After Winston tells Julia the story about his mother and his dream in 1984, he begins to say, "the real point of the story is...." What was the real point of the story?

The real point of Winston's dream about his mother is that people in modern society no longer possess private loyalties or experience genuine, natural emotional ties. The Party has cultivated a superficial, callous society where citizens are only loyal to Big Brother.

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In book 2, chapter 7, Winston recalls dreaming about his childhood and seeing his mother for the last time. As a selfish adolescent, Winston stole his infant sister's last piece of chocolate and ran out of the house. Moments after stealing his sister's piece of chocolate, Winston recalls seeing his mother move her arm around her daughter in a protective, comforting gesture. Something about his mother's gesture told him that his sister was slowly dying and the only thing his mother could do was to express her unconditional love by holding the child close. Winston recognizes his mother's protective, loving gesture, which he recalls seeing again in a previous dream when she sat at the bottom of a sunken ship holding her daughter.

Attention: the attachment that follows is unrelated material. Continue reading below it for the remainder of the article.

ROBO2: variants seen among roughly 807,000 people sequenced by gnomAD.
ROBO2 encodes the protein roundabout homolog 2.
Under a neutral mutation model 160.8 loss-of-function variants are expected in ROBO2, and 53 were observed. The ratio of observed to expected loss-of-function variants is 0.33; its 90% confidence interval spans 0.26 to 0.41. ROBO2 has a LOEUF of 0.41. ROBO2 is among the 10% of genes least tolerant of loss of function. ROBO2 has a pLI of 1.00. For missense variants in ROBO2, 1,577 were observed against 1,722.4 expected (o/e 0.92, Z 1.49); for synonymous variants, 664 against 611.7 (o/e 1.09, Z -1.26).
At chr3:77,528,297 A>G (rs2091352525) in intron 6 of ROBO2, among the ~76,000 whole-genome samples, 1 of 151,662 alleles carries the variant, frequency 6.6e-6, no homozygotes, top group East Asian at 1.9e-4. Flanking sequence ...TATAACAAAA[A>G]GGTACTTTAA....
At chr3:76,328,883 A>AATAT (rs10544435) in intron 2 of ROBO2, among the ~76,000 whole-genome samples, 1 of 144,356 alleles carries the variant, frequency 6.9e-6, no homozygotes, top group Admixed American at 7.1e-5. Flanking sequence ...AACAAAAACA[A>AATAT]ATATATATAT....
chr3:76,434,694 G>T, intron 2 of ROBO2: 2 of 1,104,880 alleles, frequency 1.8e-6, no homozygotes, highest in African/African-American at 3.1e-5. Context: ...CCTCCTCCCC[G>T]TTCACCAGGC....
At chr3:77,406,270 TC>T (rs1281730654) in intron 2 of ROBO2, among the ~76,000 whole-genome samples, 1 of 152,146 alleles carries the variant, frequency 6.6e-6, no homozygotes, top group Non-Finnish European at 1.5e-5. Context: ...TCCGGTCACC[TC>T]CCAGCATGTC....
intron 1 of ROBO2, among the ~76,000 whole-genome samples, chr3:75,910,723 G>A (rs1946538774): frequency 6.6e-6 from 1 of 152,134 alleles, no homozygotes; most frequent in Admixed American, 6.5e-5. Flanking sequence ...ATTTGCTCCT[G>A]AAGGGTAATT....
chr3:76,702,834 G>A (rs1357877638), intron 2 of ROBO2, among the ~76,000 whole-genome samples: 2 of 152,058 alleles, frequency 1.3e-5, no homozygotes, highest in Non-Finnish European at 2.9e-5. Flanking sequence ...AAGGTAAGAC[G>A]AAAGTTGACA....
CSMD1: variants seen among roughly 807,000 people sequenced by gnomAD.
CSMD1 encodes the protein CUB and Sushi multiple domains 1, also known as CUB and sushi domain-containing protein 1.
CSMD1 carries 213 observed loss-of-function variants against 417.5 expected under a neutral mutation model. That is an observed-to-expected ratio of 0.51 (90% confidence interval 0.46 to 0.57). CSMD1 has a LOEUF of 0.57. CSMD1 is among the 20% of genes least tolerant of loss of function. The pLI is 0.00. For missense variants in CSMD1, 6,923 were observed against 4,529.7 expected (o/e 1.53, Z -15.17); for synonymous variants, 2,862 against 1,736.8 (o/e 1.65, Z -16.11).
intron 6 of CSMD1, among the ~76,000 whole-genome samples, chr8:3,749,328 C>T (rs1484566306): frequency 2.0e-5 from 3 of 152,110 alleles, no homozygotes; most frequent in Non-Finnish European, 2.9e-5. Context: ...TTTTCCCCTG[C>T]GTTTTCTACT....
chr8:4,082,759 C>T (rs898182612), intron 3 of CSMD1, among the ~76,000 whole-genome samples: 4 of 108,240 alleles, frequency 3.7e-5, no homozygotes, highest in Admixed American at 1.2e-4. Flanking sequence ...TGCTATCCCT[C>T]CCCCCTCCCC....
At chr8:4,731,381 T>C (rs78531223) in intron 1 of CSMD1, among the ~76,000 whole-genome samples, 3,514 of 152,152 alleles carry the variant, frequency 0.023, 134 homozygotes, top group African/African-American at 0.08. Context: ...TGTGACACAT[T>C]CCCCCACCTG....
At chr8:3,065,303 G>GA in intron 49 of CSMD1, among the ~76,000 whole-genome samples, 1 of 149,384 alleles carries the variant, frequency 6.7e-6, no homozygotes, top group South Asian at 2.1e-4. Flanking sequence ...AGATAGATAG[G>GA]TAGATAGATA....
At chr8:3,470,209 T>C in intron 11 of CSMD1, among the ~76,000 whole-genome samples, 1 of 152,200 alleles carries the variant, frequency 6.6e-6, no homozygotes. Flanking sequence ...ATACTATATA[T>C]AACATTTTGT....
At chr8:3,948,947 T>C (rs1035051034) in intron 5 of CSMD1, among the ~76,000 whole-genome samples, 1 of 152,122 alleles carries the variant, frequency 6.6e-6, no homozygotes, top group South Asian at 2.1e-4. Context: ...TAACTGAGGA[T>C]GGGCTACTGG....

Julia responds to Winston's dream by calling him a "beastly little swine," and Winston says, "Yes. But the real point of the story—" (Orwell, 207). Although Winston does not finish his sentence, he proceeds to finish his train of thought and recognizes that his mother possessed some kind of "nobility" and "purity" which no longer exists in the modern world. The point of the story is that citizens of Oceania do not possess private loyalties or experience strong emotional ties with other people. Unconditional love does not exist in Oceania, and the Party's primary goal is to persuade individuals that "mere impulses" and strong feelings are wrong. Winston realizes that his mother's meaningful gesture was pure, authentic, and natural. Sadly, only the proles still maintain private loyalties and are capable of expressing genuine feelings of love.

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